Silver Surfer #4 is my personal holy grail in comics collecting. I can’t remember where or when I first saw the image of this iconic comic book cover, but I can remember always wanting a copy. In late 2013, towards the end of my first deployment to Afghanistan, I decided that I would finally purchase a copy for my collection when I returned. In less than three months of flipping extra copies from my collection, I was finally able to pick up a nice copy of Silver Surfer #4. All was right in the world, until I submitted my copy for grading a couple years later. The comic came back with an ugly label, a lower than expected grade, and it was restored.
Until I started following comic book speculation websites, I never really cared about graded comics. In fact, I was always against ever buying any graded comics. However, my opinion changed when I started paying attention to how much graded comics sold vs. non-graded comics. After acquiring a couple of CGC and CBCS slabs, I started thinking that I might want to send in some of my comics for grading. I didn’t know which company I would use, but I wasn’t terribly impressed with the 1st and 2nd generation CGC labels and holders. In my opinion, they look(ed) very unprofessional (I’m all in for the 3rd generation CGC slabs now). I also didn’t think that the CBCS labels looked all that great either, but the cases did appear to be sturdier. I finally decided to create and account with CBCS and send my comics to them.
Unfortunately, CBCS decided to change their labels while my comics were waiting to be graded. Not only did the comic come back with the universally hated “rivet” label, it came back half a point lower than my predicted grade. Although I am not a grading expert, I feel as though I have a tendency to actually under grade comics. Also, I’m of the opinion that CBCS tends to unnecessarily grade a lot harder than CGC. In fact, I’ve since crossed over two other comics from CBCS to CGC and they both came back with higher grades. Nevertheless, when my copy came back as an 8.0 I was disappointed. Even though there were obvious flaws to the cover, undoubtedly from handling and age, the comic cover still popped. The spine was not perfect, but there weren’t any large spine tics. I really felt that my copy should have been at least an 8.5.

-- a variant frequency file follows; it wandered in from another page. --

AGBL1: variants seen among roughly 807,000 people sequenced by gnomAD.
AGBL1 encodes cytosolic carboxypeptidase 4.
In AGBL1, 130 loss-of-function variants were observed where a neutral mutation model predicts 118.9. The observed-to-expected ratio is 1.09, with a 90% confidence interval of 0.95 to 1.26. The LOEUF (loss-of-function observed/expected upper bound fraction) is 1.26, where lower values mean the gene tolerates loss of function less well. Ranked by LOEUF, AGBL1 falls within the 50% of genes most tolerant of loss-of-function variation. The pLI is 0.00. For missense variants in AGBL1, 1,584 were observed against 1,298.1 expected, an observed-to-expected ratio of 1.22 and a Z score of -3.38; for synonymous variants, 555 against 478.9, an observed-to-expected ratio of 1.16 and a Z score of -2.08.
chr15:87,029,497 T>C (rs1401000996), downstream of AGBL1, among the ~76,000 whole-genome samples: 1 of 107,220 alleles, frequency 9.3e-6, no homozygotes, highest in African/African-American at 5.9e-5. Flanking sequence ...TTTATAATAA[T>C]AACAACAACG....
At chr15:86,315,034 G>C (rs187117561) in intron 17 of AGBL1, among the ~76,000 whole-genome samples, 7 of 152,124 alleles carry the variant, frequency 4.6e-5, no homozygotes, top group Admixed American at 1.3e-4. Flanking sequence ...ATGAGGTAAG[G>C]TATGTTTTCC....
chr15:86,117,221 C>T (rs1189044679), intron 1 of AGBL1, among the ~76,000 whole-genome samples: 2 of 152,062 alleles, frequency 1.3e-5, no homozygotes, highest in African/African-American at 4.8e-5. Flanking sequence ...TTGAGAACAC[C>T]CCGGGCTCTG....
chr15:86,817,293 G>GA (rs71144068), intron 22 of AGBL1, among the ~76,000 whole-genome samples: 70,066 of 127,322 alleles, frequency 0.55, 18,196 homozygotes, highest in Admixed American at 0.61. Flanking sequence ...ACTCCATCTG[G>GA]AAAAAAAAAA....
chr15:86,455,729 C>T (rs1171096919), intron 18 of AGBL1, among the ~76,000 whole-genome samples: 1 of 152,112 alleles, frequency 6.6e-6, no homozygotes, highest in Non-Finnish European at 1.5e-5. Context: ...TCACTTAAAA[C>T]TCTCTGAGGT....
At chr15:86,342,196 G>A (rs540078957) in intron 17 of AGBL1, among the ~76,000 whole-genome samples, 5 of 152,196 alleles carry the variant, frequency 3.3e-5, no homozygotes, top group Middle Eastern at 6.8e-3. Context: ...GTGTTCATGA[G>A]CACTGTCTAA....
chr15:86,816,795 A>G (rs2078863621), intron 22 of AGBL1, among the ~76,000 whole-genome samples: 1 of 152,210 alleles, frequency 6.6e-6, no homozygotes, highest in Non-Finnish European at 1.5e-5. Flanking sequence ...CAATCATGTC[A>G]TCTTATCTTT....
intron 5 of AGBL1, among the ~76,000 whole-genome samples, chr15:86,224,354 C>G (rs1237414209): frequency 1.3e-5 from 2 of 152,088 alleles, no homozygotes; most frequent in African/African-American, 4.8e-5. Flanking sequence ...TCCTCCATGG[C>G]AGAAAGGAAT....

My comics actually arrived before the CBCS website updated my account. I didn’t know what grades my comics had received until the unboxing. To my absolute horror, the dreaded “Restored” text was right above the grade on the label of my copy of Silver Surfer #4. The notes on the label stated that there was amateur restoration: “Small amount of color touch on cover.” I really don’t understand how this could be the case. There were/are some obvious spots on the cover that would benefit from color touch, but weren’t covered up. If the comic had color touch, why wouldn’t the person responsible try to cover up those flaws? It just didn’t seem right and it is something that has bothered me ever since my comic came back. In fact, a couple of months ago, I ordered a blue light from Amazon in order to find the color touch. I think this is where my inexperience with restored comics really shows. For the life of me, I can’t see anything through the case to show where the color touch is located.
Over the last few years, I’ve gone back and forth on getting another copy. However, prices for Silver Surfer keys have been rising since Disney purchased Fox and Silver Surfer #4 is no exception. Higher grades are reaching unaffordable levels for guys like me. I’m only a part time flipper, and finding comics and flipping them to fund a new copy is not possible right now. The only other alternative I can think of is sending my CBCS 8.0 to CGC and trying out their restoration removal service. A potential benefit is that I think CBCS under grades, and my copy might actually come back in at least 8.5. So, far two CBCS comics I’ve crossed over to CGC have come in at higher grades. I’m not concerned with it coming back with a lower grade. If I decide to send it in, I will make sure to record the entire process.
Thanks for reading!